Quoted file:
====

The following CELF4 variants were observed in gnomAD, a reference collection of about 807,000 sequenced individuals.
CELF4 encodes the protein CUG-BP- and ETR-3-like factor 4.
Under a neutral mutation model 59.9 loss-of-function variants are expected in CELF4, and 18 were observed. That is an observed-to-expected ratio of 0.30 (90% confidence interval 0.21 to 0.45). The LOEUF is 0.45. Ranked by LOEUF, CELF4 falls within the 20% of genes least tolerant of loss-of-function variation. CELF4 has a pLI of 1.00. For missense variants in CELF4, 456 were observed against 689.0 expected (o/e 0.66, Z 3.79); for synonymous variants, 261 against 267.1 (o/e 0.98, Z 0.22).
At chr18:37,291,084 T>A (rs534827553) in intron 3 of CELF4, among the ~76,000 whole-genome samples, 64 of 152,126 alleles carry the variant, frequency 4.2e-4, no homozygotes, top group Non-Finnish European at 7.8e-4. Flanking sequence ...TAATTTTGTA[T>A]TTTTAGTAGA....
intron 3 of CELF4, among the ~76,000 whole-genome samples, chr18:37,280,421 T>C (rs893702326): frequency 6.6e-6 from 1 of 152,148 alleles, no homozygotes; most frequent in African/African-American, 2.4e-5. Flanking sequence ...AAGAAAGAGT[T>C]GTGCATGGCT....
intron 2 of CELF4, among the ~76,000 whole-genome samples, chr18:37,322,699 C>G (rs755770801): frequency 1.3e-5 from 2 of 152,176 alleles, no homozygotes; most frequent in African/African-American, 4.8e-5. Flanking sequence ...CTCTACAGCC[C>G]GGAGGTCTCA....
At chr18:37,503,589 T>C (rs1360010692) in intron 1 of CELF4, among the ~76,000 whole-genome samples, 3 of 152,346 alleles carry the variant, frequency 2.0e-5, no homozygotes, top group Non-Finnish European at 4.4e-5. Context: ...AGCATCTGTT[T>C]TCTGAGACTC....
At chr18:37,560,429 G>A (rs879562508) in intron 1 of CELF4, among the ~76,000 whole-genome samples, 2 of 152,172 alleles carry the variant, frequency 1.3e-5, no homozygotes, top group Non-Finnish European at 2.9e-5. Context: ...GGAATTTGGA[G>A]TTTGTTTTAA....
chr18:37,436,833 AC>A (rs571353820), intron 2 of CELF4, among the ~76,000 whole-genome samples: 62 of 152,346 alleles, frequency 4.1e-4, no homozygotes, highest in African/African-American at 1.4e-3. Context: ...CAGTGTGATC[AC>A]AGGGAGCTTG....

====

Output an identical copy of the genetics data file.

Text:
The following CELF4 variants were observed in gnomAD, a reference collection of about 807,000 sequenced individuals.
CELF4 encodes the protein CUG-BP- and ETR-3-like factor 4.
Under a neutral mutation model 59.9 loss-of-function variants are expected in CELF4, and 18 were observed. That is an observed-to-expected ratio of 0.30 (90% confidence interval 0.21 to 0.45). The LOEUF is 0.45. Ranked by LOEUF, CELF4 falls within the 20% of genes least tolerant of loss-of-function variation. CELF4 has a pLI of 1.00. For missense variants in CELF4, 456 were observed against 689.0 expected (o/e 0.66, Z 3.79); for synonymous variants, 261 against 267.1 (o/e 0.98, Z 0.22).
At chr18:37,291,084 T>A (rs534827553) in intron 3 of CELF4, among the ~76,000 whole-genome samples, 64 of 152,126 alleles carry the variant, frequency 4.2e-4, no homozygotes, top group Non-Finnish European at 7.8e-4. Flanking sequence ...TAATTTTGTA[T>A]TTTTAGTAGA....
intron 3 of CELF4, among the ~76,000 whole-genome samples, chr18:37,280,421 T>C (rs893702326): frequency 6.6e-6 from 1 of 152,148 alleles, no homozygotes; most frequent in African/African-American, 2.4e-5. Flanking sequence ...AAGAAAGAGT[T>C]GTGCATGGCT....
intron 2 of CELF4, among the ~76,000 whole-genome samples, chr18:37,322,699 C>G (rs755770801): frequency 1.3e-5 from 2 of 152,176 alleles, no homozygotes; most frequent in African/African-American, 4.8e-5. Flanking sequence ...CTCTACAGCC[C>G]GGAGGTCTCA....
At chr18:37,503,589 T>C (rs1360010692) in intron 1 of CELF4, among the ~76,000 whole-genome samples, 3 of 152,346 alleles carry the variant, frequency 2.0e-5, no homozygotes, top group Non-Finnish European at 4.4e-5. Context: ...AGCATCTGTT[T>C]TCTGAGACTC....
At chr18:37,560,429 G>A (rs879562508) in intron 1 of CELF4, among the ~76,000 whole-genome samples, 2 of 152,172 alleles carry the variant, frequency 1.3e-5, no homozygotes, top group Non-Finnish European at 2.9e-5. Context: ...GGAATTTGGA[G>A]TTTGTTTTAA....
chr18:37,436,833 AC>A (rs571353820), intron 2 of CELF4, among the ~76,000 whole-genome samples: 62 of 152,346 alleles, frequency 4.1e-4, no homozygotes, highest in African/African-American at 1.4e-3. Context: ...CAGTGTGATC[AC>A]AGGGAGCTTG....